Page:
US of A? No US of B
Noah Lyles, Sifan Hassan, Christian Coleman and Shelly-Ann Fraser-Pryce all won their second gold of the championships. Hassan became the first person to claim the 10,000 and 1500m at the same meeting. Fraser-Pryce added the 4x100m relay gold to her 100m title. Coleman and Lyles, champions in the 100 and 200m respectively, were part of the brotherhood – Justin Gatlin’s description - that claimed the men’s 4x100m. “We’ve always had fast people in the States,” said Gatlin who won silver in the 100m. “But we never took the time to get to know each other and bond.” Let’s do good for the United States of Brotherhood.
Timing is the key to the USB
Justin Gatlin, now a ripe old 37, is surrounded by young whipper snappers such as 23-year-old Christian Coleman and 22-year-old Noah Lyles. Gatlin told the review he relishes his big daddy role among the sprinting corps. “There’s no blueprint to it,” he confessed. “You just got to know when to turn it on and turn it off. How to know when to be with your teammates and do a really good job and at the same time still be able to be a competitor that’s going to push them to the line and beat them if necessary.”
Tap in confidence
Noah Lyles – two golds at his first world championships – says he’s keen to get home and drive his car. A world championships beyond expectations? “No. I expected to win.”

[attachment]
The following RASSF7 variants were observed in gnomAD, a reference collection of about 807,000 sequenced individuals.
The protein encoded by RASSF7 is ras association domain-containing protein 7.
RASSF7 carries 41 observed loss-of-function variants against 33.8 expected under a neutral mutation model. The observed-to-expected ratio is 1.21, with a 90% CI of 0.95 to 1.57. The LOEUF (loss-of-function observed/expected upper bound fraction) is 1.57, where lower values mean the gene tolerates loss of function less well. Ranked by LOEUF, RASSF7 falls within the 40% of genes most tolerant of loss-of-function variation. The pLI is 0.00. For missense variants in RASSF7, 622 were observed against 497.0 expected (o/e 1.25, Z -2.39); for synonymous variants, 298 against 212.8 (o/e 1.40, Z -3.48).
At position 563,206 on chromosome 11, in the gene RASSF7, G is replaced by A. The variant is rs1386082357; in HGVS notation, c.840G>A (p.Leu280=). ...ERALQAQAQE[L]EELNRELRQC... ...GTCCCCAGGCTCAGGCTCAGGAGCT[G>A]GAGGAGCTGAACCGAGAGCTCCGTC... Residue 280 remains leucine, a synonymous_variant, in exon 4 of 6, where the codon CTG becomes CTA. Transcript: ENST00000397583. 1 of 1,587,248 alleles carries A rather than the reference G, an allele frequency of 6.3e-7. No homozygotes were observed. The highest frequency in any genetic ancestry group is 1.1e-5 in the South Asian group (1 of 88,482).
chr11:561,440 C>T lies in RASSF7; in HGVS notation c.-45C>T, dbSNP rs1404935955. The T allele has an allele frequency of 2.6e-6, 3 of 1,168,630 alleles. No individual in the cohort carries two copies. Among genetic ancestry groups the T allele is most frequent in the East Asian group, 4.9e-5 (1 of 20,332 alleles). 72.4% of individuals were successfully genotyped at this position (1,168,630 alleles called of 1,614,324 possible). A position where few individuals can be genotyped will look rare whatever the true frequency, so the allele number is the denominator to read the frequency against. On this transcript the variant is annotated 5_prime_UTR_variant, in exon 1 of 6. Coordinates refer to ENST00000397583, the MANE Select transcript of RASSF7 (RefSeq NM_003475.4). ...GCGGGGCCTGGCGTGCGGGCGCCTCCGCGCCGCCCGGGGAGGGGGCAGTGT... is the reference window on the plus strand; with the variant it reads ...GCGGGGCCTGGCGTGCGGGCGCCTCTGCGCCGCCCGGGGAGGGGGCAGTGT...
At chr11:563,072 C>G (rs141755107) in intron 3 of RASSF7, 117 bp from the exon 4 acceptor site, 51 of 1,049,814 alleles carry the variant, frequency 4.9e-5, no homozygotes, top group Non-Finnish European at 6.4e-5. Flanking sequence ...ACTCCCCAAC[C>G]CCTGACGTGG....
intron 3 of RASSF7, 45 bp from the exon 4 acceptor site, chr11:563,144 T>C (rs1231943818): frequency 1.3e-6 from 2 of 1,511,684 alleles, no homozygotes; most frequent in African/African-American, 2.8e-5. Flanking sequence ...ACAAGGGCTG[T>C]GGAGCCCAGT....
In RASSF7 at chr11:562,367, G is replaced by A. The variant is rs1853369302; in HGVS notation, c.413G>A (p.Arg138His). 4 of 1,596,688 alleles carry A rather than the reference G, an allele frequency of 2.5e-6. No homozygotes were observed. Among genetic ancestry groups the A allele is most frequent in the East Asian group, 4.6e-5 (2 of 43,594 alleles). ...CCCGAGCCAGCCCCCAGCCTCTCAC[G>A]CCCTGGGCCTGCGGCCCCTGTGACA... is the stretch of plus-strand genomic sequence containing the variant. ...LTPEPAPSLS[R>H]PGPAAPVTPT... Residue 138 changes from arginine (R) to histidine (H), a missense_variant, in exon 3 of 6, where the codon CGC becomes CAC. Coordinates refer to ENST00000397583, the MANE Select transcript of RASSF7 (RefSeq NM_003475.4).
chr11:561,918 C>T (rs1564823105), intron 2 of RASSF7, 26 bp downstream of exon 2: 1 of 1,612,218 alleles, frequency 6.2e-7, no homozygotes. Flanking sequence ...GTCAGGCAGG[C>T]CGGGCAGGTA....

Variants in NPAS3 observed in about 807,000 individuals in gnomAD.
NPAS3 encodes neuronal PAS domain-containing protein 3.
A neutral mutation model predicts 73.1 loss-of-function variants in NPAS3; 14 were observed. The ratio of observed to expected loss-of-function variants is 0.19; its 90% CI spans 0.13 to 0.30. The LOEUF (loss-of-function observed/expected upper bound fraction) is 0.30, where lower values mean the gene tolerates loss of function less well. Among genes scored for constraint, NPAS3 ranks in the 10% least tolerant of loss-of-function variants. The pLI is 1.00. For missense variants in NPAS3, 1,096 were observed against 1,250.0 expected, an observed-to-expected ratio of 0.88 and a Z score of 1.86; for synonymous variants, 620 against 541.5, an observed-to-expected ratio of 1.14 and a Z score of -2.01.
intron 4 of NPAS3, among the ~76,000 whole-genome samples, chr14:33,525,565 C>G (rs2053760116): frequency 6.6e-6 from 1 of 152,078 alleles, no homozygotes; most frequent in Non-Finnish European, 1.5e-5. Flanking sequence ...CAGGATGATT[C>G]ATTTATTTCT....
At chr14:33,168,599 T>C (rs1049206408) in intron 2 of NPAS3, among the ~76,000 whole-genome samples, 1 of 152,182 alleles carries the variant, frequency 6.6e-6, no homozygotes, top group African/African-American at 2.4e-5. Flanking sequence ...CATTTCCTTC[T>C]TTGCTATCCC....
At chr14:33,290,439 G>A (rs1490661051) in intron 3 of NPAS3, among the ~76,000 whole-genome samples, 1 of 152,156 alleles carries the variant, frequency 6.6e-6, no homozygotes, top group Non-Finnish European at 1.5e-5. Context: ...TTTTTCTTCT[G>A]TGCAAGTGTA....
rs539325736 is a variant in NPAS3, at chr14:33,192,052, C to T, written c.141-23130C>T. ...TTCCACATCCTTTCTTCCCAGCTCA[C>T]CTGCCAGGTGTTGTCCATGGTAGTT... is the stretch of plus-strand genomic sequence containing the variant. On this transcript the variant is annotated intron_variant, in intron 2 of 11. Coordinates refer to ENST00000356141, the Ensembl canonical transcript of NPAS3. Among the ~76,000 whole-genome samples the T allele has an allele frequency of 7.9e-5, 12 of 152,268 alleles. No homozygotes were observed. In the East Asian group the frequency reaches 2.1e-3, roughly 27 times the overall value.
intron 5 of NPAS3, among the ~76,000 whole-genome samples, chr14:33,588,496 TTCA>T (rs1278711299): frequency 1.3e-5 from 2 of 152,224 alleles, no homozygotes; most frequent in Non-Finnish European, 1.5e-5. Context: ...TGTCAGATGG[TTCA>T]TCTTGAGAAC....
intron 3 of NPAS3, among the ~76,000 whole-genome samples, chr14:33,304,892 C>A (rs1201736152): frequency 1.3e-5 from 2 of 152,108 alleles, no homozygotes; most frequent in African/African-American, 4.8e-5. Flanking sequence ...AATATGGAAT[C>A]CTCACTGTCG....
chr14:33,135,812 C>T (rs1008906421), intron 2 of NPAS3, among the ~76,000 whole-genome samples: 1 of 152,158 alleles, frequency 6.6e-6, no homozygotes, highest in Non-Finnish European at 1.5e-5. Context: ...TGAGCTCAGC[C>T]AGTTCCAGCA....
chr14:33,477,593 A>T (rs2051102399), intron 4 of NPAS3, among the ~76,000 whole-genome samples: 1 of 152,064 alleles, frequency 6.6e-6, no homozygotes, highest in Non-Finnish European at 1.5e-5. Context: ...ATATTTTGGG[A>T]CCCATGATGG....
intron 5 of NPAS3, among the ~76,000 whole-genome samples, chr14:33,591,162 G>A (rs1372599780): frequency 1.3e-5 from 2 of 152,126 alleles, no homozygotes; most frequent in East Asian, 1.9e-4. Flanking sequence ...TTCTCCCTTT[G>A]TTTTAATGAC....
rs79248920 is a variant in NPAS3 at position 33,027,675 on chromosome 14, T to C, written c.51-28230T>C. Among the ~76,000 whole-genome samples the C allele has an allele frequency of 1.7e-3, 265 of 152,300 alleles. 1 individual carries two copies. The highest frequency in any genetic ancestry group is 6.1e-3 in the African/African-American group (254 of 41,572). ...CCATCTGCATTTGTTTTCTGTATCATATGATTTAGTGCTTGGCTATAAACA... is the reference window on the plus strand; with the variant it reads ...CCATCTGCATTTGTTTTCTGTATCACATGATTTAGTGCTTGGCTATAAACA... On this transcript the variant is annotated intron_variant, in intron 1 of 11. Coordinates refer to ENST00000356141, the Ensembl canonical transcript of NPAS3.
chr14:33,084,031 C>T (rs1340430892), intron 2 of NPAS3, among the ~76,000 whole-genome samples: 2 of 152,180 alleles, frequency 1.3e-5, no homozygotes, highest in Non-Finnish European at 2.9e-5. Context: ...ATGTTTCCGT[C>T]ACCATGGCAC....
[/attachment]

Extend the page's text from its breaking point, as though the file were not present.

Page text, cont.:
Ire in the belly
Sifan Hassan from the Netherlands was somewhat riled following her 1500m victory. She’s been coached by Alberto Salazar who was suspended for four years earlier in the championships for dodginess with banned substances. "It was a very tough week,” said Hassan. “And I had a lot of things in my head but I have a good manager and he really supported me.” The 26-year-old ran a championship record of 3:51.95 to claim the crown. "If they want to test me they can test me every single day. Every single day," she said. "I showed the world I am a clean athlete."
US of E time
At the end of day nine, a look at the medals table shows the United States in a league of their own. They have amassed 11 golds, 10 silver and four bronze. Kenya, Jamaica and China all have nine medals overall. Ethiopia clock in with seven and Britain are the highest placed European nation with five. The Netherlands have two – thanks to Sifan Hassan and Poland have four. Perhaps it’s time for a United States of Europe. That will go down well in Britain.